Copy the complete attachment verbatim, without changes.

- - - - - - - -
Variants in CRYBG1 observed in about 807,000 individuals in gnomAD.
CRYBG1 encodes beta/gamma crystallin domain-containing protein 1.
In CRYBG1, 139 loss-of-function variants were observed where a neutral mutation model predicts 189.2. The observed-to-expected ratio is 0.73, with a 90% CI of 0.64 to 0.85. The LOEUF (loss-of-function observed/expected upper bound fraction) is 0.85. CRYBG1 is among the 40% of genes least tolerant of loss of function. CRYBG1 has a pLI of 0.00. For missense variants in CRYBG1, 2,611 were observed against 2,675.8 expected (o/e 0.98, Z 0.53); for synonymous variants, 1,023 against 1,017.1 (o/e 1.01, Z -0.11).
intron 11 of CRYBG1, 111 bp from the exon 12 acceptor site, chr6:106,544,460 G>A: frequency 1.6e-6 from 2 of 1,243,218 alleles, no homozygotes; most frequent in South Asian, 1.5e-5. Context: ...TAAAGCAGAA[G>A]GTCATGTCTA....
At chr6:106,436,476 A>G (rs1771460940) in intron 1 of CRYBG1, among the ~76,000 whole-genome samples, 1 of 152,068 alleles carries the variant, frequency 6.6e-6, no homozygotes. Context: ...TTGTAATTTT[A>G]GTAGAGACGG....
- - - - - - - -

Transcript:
Variants in CRYBG1 observed in about 807,000 individuals in gnomAD.
CRYBG1 encodes beta/gamma crystallin domain-containing protein 1.
In CRYBG1, 139 loss-of-function variants were observed where a neutral mutation model predicts 189.2. The observed-to-expected ratio is 0.73, with a 90% CI of 0.64 to 0.85. The LOEUF (loss-of-function observed/expected upper bound fraction) is 0.85. CRYBG1 is among the 40% of genes least tolerant of loss of function. CRYBG1 has a pLI of 0.00. For missense variants in CRYBG1, 2,611 were observed against 2,675.8 expected (o/e 0.98, Z 0.53); for synonymous variants, 1,023 against 1,017.1 (o/e 1.01, Z -0.11).
intron 11 of CRYBG1, 111 bp from the exon 12 acceptor site, chr6:106,544,460 G>A: frequency 1.6e-6 from 2 of 1,243,218 alleles, no homozygotes; most frequent in South Asian, 1.5e-5. Context: ...TAAAGCAGAA[G>A]GTCATGTCTA....
At chr6:106,436,476 A>G (rs1771460940) in intron 1 of CRYBG1, among the ~76,000 whole-genome samples, 1 of 152,068 alleles carries the variant, frequency 6.6e-6, no homozygotes. Context: ...TTGTAATTTT[A>G]GTAGAGACGG....